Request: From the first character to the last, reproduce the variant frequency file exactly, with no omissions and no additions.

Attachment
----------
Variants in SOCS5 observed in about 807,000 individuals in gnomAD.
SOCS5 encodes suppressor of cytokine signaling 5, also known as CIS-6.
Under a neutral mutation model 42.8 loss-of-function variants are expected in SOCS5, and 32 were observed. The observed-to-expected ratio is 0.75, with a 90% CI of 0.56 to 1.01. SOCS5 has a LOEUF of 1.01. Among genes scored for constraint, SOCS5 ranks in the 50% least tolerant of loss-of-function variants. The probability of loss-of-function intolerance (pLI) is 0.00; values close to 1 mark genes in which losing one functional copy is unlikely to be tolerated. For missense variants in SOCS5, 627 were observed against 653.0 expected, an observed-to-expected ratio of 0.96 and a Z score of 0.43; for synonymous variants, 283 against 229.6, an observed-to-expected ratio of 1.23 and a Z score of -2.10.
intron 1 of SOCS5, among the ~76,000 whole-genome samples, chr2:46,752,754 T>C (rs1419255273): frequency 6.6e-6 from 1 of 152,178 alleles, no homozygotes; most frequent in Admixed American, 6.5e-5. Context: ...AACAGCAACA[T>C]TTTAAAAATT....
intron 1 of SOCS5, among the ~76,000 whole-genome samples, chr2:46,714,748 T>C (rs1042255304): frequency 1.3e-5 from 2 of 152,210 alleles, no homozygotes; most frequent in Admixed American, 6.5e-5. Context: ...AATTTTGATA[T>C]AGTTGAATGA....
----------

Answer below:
Variants in SOCS5 observed in about 807,000 individuals in gnomAD.
SOCS5 encodes suppressor of cytokine signaling 5, also known as CIS-6.
Under a neutral mutation model 42.8 loss-of-function variants are expected in SOCS5, and 32 were observed. The observed-to-expected ratio is 0.75, with a 90% CI of 0.56 to 1.01. SOCS5 has a LOEUF of 1.01. Among genes scored for constraint, SOCS5 ranks in the 50% least tolerant of loss-of-function variants. The probability of loss-of-function intolerance (pLI) is 0.00; values close to 1 mark genes in which losing one functional copy is unlikely to be tolerated. For missense variants in SOCS5, 627 were observed against 653.0 expected, an observed-to-expected ratio of 0.96 and a Z score of 0.43; for synonymous variants, 283 against 229.6, an observed-to-expected ratio of 1.23 and a Z score of -2.10.
intron 1 of SOCS5, among the ~76,000 whole-genome samples, chr2:46,752,754 T>C (rs1419255273): frequency 6.6e-6 from 1 of 152,178 alleles, no homozygotes; most frequent in Admixed American, 6.5e-5. Context: ...AACAGCAACA[T>C]TTTAAAAATT....
intron 1 of SOCS5, among the ~76,000 whole-genome samples, chr2:46,714,748 T>C (rs1042255304): frequency 1.3e-5 from 2 of 152,210 alleles, no homozygotes; most frequent in Admixed American, 6.5e-5. Context: ...AATTTTGATA[T>C]AGTTGAATGA....